Examples of drills for interviewing witnesses:
Drill 1: Written Voir Dire Analysis
Using the Archie fact pattern, think about what written individual voir dire questions you would want to ask in a supplemental questionnaire. Take a look at what the judge will have asked with the Benchbook questions and take a look at the questionnaires that the panel members will already have filled out. Recognize that you really don’t learn much information about the panel members from those two sources. Ask yourself, what other information do I need in order to learn whether this particular panelmember should not sit on this court-martial? Your goal in the written individual voir dire is to gather information so you can properly exercise your challenges.
Drill 2: Individual Oral Voir Dire
Take the written voir dire questions that you have come up with and give them to a mock panel member. The key is to find someone that is not a lawyer or a paralegal – you want a regular person.
After they answer the written questions, ask the per son short, open-ended questions so that you can really learn about their belief system or their personal experience. You should do very little talking. The person should do most of the talking. Get comfortable giving up control. A common mistake is to
stop the questioning short because “I didn’t want to go any farther because I didn’t want to set him up for a challenge or I didn’t want him to rehab himself.” Don’t hide your head in the sand. Get the truth. If you don’t go there, the other side will, so just go there.
You should be saying, “Why do you think that” and “what do you mean by that.” You also need to be able to tie everything they are doing into a causal challenge under “fair and impartial” or so that they can rank the panel members to properly exercise their peremptory. Someone who has inaccurate folk knowledge about the rate of false allegations might not be fair and impartial.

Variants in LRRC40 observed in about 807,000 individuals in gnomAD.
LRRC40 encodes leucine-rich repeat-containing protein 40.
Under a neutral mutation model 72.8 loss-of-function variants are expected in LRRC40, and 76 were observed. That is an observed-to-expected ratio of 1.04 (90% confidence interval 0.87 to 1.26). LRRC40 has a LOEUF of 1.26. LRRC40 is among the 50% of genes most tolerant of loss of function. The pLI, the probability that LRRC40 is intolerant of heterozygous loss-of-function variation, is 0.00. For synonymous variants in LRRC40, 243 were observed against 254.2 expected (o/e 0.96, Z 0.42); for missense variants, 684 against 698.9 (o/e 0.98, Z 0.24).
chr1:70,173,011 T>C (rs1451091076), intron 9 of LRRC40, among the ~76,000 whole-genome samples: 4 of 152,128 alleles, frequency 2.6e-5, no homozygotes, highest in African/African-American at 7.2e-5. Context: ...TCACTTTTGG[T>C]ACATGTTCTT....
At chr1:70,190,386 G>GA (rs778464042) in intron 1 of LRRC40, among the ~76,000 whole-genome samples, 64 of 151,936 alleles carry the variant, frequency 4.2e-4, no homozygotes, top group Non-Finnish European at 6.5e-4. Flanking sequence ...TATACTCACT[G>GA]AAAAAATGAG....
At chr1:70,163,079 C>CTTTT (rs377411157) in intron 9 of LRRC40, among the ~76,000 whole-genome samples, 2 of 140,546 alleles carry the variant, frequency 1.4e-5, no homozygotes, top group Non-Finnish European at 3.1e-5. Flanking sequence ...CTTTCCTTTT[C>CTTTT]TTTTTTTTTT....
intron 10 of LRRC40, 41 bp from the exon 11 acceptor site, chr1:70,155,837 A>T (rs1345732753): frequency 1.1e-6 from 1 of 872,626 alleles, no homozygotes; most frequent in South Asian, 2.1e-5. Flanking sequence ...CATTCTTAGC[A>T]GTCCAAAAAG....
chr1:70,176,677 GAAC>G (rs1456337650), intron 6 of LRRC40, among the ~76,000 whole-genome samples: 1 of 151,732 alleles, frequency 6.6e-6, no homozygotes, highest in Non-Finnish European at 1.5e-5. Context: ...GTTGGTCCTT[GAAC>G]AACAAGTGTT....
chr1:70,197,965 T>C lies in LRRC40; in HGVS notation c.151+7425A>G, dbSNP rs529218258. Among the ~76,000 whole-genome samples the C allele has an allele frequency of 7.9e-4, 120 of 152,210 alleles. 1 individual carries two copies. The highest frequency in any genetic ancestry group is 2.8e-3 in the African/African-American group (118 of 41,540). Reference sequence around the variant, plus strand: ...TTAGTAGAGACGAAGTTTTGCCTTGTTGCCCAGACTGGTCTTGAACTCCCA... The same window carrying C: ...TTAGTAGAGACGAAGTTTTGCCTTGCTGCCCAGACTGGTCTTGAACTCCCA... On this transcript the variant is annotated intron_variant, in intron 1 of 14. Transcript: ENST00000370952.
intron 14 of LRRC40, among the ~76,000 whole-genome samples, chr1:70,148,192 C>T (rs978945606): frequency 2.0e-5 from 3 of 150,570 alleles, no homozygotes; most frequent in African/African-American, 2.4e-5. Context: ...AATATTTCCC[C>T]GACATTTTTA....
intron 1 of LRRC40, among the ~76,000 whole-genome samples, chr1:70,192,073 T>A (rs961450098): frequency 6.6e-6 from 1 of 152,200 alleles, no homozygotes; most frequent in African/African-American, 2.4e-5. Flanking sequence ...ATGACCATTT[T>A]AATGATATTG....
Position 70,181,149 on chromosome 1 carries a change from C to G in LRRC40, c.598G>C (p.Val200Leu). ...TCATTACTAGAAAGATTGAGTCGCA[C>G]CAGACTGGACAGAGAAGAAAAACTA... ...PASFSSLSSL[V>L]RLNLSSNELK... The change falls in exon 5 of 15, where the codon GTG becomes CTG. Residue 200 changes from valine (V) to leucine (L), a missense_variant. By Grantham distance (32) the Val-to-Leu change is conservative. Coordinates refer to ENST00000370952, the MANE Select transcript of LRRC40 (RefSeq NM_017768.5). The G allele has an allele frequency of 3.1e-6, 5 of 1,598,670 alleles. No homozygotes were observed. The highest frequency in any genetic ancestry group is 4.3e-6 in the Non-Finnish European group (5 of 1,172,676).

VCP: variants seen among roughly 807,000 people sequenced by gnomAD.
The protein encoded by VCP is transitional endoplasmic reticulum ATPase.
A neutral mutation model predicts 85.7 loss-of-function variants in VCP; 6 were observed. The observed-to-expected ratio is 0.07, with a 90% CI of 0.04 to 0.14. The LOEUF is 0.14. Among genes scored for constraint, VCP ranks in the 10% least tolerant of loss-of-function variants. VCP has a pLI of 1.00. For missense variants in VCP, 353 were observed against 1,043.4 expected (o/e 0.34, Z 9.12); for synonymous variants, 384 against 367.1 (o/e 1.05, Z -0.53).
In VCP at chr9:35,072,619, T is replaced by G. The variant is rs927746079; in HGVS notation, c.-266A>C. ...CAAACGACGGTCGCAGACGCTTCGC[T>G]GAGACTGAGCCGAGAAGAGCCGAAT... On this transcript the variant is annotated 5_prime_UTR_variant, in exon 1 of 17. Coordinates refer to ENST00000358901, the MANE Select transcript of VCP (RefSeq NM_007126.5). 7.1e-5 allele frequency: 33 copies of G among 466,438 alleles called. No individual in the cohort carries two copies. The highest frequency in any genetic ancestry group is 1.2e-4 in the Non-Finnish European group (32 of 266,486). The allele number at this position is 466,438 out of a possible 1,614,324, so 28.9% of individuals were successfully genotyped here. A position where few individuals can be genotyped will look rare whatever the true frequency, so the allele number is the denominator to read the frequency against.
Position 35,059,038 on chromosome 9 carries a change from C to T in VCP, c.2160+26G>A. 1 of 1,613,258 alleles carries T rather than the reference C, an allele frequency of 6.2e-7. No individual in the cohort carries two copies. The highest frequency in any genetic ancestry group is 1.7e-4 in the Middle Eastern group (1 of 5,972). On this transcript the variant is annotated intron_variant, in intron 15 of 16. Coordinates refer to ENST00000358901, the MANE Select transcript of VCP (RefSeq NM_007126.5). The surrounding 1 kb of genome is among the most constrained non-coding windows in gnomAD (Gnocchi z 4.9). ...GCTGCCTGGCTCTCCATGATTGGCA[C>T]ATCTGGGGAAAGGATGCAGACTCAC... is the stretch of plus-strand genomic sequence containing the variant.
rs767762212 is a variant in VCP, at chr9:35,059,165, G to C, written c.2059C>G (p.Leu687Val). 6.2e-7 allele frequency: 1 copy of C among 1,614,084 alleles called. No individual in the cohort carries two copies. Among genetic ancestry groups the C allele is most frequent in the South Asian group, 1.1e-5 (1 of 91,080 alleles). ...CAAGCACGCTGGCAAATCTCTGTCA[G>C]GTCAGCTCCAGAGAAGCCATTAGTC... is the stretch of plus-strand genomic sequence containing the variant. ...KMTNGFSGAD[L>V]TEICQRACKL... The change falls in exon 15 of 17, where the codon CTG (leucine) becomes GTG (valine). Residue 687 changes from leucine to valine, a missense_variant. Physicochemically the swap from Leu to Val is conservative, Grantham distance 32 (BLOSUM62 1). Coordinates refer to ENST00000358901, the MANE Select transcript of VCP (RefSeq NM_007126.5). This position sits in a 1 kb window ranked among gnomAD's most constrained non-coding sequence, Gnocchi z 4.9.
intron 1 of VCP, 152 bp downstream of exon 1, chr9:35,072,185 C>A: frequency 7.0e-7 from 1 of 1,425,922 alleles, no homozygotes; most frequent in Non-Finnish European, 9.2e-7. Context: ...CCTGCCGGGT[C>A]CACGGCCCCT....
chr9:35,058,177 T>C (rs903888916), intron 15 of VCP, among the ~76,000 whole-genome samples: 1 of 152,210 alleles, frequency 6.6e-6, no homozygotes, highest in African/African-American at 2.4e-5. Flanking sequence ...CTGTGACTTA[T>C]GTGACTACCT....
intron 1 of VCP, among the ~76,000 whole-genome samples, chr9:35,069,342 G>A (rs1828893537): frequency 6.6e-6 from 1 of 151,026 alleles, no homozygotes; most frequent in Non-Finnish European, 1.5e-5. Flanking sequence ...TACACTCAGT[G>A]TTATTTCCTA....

Drill 3: Group Voir Dire
Group voir dire is not a good place for gathering information. If you never do group voir dire again, you would do better than most people are doing right now. If you do group voir dire, it should be about educating the panel on belief systems that might run counter to their case. Put together a mock panel of five to eight people.
The key is that they cannot be lawyers or paralegals. Read them the basic Benchbook instructions. Then try to expose belief systems and work to teach the panel not to use those belief systems.
Ask should ask a lead-in question, then allow the panel to respond. To protect the record, you should say, “Thank you, panel member X.” Once the you is exposed, they should ask why the bias should not be followed. The goal is not to kick people. The goal is to kill the bias.
- What is the first thing that comes to mind when you hear that the accused will not testify?
Well, why would it be that an innocent person might not testify?
Does everyone now see why the judge told you that you can’t hold it against SGT Jones if he
ONLY DO THIS IF THE ACCUSED ISN’T GOING TO TESTIFY
- What is the first thing that comes to mind when you know the accused will not put on a case?
Well, why might it be than an innocent person might not present evidence?
Does everyone now see why the judge instructed you that you cannot hold it against SGT Jones if he doesn’t produce any evidence?
ONLY DO THIS IF YOU ARE NOT PUTTING ON A CASE
- What is the first thing you think when you see the government has gone through all this trouble to
bring the accused to trial?
Well, how could it be that an innocent person is brought into court?
Does everyone now see why the judge instructed you to presume that SGT Jones is innocent?
- If a woman can get a man so worked sexually that if the man then takes the sex father than the woman
wanted, should the man not be punished?
The 25/50 loan scenario (If a friend asks for a $50 loan, but you only want to loan him $25 so you only give him $25, can the friend then say, “Well, I’m taking the whole $50 anyway?”)
The law says, no means no. Can everyone follow that?
- If a woman behaves in a way that places her in a risky situation, does she assume some of the risk or
blame for what might happen to her later?
The ATM scenario (If a well-dressed man goes to an ATM late at night in a crime – ridden part of town where the lighting is bad and no one is around, and he then gets mugged, do we let the mugger off?)
The law says, no means no; words or acts that show a freely given agreement. Can everyone follow that?